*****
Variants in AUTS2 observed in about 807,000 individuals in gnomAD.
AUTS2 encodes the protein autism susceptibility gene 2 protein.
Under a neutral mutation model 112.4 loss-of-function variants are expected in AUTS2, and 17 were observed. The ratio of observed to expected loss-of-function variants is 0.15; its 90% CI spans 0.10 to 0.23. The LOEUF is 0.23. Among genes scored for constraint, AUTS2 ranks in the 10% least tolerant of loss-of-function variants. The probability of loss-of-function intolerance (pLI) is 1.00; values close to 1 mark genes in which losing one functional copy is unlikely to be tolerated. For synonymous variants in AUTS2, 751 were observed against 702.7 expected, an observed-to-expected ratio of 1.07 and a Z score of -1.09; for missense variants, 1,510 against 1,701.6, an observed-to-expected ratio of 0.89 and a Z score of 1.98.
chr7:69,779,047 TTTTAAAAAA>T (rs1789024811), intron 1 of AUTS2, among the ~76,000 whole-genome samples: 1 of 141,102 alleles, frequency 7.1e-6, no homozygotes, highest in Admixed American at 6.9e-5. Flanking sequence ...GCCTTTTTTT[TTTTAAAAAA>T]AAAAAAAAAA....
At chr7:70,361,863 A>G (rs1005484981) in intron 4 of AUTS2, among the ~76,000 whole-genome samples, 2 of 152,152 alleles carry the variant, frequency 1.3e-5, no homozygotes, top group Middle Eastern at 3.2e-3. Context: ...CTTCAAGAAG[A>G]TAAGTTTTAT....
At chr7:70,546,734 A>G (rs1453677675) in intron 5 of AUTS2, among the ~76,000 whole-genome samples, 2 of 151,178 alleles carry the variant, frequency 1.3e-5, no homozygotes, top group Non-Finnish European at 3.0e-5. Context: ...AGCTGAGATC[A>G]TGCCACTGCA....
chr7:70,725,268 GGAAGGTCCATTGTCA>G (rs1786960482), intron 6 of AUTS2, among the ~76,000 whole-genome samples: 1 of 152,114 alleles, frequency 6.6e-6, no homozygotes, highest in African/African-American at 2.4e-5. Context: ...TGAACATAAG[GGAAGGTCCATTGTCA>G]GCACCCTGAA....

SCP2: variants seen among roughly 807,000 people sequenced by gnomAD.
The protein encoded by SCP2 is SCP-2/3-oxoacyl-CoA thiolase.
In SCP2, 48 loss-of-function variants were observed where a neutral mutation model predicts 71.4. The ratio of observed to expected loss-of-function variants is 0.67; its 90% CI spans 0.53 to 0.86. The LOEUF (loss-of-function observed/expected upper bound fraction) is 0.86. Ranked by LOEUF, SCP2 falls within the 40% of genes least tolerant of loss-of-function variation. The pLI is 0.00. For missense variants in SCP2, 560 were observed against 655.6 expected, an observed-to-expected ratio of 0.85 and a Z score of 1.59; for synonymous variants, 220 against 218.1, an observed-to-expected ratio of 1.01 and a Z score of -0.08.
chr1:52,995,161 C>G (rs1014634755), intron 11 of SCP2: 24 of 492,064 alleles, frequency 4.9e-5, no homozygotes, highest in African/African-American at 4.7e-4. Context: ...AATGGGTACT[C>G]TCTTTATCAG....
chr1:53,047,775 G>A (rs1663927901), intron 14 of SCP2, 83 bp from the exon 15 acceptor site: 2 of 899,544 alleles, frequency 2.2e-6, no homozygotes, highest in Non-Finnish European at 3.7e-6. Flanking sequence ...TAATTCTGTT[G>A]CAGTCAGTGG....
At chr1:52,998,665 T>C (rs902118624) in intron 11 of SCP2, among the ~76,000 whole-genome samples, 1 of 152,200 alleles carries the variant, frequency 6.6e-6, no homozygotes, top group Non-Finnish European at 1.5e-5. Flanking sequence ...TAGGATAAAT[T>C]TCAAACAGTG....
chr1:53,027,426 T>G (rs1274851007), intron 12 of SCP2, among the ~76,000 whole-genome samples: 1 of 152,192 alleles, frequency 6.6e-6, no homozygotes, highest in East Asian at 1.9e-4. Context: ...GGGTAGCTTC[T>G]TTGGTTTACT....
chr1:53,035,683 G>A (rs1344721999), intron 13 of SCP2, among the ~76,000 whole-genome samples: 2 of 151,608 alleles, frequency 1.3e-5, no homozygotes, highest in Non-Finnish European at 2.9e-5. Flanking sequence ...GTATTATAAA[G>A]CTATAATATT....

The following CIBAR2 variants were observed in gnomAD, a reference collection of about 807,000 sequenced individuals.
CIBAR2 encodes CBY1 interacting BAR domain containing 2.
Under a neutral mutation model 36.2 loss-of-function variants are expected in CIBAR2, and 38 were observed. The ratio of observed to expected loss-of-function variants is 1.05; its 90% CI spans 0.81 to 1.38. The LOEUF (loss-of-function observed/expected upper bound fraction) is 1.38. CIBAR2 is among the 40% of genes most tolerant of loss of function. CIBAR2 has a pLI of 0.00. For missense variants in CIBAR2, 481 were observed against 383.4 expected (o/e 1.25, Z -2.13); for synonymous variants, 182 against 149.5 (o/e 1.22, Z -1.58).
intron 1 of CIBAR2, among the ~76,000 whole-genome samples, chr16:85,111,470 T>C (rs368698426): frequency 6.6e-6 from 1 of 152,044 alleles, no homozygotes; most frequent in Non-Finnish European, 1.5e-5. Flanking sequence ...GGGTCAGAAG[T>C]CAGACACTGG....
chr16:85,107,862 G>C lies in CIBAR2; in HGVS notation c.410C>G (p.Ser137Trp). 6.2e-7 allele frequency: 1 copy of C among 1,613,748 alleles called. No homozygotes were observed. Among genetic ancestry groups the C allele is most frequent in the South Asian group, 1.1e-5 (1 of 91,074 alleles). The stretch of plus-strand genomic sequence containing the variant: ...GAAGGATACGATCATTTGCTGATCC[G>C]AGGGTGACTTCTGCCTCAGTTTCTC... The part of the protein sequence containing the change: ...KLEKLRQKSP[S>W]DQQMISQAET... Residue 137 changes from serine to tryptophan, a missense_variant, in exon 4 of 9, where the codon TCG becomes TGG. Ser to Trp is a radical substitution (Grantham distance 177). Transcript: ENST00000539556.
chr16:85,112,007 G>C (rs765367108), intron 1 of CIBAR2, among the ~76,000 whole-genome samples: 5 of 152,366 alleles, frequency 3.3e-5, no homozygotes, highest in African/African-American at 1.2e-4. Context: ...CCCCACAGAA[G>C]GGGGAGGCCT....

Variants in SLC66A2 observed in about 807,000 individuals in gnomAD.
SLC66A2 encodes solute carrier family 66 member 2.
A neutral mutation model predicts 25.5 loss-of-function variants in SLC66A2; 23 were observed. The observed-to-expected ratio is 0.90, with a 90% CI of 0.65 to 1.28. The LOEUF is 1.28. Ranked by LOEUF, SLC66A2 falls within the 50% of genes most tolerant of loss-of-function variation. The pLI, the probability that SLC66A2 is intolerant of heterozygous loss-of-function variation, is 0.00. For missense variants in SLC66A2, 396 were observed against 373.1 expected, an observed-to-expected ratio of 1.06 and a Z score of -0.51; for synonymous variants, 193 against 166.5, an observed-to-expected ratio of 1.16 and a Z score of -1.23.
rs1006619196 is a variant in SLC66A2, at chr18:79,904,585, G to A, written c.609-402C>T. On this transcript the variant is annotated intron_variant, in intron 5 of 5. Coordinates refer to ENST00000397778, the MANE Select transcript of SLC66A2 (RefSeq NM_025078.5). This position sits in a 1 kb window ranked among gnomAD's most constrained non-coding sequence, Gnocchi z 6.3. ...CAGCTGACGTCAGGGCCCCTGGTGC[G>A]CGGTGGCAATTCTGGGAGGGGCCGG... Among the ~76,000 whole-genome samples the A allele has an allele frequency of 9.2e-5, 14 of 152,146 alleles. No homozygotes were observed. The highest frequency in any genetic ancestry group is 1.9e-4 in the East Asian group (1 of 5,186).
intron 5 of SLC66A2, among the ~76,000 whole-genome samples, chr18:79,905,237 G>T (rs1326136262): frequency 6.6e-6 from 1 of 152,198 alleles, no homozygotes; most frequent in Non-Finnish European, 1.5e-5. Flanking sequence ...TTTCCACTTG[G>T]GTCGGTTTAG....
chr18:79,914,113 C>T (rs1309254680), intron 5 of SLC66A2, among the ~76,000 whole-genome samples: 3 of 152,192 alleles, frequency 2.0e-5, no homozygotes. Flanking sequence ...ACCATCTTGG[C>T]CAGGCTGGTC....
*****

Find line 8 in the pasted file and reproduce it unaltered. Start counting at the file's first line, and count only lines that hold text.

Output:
SCP2: variants seen among roughly 807,000 people sequenced by gnomAD.